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When you take out a loan, you may have to repay more than the principal and interest. Many lenders also charge an origination fee, which could add hundreds of dollars in extra costs to your loan.

When you take out a loan, you may have to repay more than the principal and interest. Many lenders also charge an origination fee, which could add hundreds of dollars in extra costs to your loan.

Get pre-qualified

Answer a few questions to see which personal loans you pre-qualify for. The process is quick and easy, and it will not impact your credit score.

What is an origination fee?

A loan origination fee is an upfront fee charged by your lender to process a new loan application. Lenders use these fees to offset the costs of underwriting and verifying a new borrower. Origination fees are sometimes referred to as points on your personal loan. Loan origination fees for personal loans can range from 1 percent to 8 percent of the loan amount, depending on your credit score and the length of the loan.

How are loan origination fees determined?

Origination fees are determined by charging a percentage of the original loan amount for the services of getting you prequalified for a personal loan. Try to avoid loans with these fees. If you can’t, you can typically repay your loan origination fee in one of two ways: Roll the fee into your loan’s balance or take it out of the funds you receive. The amount you will pay in fees is determined by:

  • Your credit score
  • Your assets
  • Your liabilities
  • Your total income

Greg McBride, Bankrate’s chief financial analyst, says having the fee taken out of the loan principal may be the only way some people can afford a personal loan. “For a lot of borrowers, it’s much more convenient to have it come out of the loan proceeds simply because they may be strapped for cash to begin with,” he says.

However, not all loans have an origination fee. Some lenders advertise loans that don’t charge origination or processing fees, but don’t assume these offers are always the cheaper choice. Lenders are still looking to get back application costs.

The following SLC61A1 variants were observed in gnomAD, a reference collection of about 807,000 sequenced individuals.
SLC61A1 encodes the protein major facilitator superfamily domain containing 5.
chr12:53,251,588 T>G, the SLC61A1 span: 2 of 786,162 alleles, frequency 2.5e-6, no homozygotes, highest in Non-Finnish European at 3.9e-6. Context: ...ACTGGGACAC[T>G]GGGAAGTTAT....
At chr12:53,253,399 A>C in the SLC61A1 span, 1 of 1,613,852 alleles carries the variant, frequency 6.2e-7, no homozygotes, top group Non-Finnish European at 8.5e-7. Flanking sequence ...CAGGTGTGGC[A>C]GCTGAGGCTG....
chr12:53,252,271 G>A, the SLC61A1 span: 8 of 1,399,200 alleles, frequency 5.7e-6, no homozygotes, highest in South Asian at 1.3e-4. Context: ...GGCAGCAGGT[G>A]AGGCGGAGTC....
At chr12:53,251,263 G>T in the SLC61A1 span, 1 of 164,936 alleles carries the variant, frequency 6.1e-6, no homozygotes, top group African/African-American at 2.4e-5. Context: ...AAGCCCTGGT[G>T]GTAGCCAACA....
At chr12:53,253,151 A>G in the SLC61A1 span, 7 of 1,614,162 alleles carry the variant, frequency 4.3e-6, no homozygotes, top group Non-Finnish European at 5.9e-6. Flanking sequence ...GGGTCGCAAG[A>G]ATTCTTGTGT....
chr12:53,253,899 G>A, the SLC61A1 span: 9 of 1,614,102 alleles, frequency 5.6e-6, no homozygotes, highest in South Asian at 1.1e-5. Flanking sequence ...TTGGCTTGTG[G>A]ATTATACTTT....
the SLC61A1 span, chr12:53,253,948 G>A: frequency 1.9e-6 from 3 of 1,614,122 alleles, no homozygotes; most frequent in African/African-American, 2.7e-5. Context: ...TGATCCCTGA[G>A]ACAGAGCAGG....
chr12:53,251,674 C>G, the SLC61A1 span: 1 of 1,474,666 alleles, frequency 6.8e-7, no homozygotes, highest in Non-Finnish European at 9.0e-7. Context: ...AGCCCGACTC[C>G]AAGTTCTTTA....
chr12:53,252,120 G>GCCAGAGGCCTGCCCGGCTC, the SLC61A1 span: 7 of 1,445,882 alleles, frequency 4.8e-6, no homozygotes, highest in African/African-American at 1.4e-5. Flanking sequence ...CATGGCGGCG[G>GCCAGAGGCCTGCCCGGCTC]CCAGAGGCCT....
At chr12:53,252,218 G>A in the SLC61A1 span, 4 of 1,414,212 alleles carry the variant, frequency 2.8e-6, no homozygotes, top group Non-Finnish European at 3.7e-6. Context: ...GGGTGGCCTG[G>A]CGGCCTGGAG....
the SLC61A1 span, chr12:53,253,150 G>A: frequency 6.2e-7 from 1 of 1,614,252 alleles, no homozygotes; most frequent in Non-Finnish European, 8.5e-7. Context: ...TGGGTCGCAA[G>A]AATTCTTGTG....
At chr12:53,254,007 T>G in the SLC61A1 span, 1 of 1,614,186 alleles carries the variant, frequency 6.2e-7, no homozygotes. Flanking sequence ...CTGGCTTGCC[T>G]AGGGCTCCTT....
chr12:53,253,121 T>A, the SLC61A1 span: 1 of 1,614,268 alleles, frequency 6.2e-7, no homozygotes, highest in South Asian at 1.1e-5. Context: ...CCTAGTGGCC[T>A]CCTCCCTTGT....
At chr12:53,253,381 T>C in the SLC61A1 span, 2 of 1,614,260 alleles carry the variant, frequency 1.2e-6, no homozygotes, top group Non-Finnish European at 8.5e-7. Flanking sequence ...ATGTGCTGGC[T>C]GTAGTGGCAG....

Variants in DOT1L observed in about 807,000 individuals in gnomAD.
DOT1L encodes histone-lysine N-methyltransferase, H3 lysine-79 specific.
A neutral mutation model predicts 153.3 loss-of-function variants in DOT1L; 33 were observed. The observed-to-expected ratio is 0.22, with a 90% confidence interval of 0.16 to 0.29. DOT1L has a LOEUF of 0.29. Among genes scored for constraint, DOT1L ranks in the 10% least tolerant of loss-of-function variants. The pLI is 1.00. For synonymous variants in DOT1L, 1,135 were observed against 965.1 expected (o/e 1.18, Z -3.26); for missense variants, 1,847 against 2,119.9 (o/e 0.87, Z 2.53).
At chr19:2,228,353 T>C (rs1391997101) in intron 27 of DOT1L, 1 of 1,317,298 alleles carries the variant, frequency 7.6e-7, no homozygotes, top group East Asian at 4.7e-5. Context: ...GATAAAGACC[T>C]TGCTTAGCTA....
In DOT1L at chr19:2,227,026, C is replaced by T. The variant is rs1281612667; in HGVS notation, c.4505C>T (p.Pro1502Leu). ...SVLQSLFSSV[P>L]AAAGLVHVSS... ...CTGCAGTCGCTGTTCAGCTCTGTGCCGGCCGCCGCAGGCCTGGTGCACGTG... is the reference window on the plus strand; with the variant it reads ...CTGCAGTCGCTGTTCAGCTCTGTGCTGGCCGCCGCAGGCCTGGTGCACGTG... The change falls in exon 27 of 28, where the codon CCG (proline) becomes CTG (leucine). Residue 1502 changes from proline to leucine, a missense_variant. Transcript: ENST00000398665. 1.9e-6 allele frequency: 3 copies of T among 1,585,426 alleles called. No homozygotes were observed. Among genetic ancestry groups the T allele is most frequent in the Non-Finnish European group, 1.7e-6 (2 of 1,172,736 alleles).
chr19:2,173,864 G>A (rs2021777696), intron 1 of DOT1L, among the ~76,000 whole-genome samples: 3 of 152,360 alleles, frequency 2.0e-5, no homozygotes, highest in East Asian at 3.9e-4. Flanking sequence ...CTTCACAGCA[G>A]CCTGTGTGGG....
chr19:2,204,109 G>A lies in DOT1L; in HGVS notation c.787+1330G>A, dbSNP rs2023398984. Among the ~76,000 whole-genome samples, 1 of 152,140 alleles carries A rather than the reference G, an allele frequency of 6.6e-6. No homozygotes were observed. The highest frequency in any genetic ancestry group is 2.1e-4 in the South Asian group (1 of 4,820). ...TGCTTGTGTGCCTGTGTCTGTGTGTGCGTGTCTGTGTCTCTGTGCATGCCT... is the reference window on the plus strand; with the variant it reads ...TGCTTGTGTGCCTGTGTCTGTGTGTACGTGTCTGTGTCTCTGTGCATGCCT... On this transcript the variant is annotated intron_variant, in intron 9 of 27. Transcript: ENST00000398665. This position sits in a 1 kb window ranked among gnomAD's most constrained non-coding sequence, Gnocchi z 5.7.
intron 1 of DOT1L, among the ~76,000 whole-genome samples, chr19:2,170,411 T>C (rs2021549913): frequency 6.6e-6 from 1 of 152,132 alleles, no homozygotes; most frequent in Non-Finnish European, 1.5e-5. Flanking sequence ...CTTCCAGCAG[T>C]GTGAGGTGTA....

If you’re considering a no-origination-fee personal loan, pay close attention to the loan’s other costs. Lenders may try to make their money back through higher interest rates or prepayment penalties instead.

Depending on the lender, you may have to pay other fees attached to your personal loan as well, such as application fees, late payment fees, returned check fees, check processing fees, and more. Lenders are required to disclose all associated fees so make sure to take them all into account.

Is paying an origination fee worth it?

Paying an origination fee isn’t usually ideal, but when considering a loan with an origination fee versus a loan without one, it’s important to remember why you’re choosing to get a loan in the first place.

When your loan doesn’t have an origination fee, it means you’re receiving the full loan amount you were approved for. If you’re getting a loan to fund a business, or consolidate credit card debt, getting every cent of the loan might be important to you. However, opting for a loan without an origination fee can end up costing you more in interest over the duration of your loan.

On the other hand, paying an origination fee will usually result in a lower interest rate, which will also lower your monthly payments. With lower payments, you should be able to bring down your debt-to-income ratio so you can pay off your loan faster.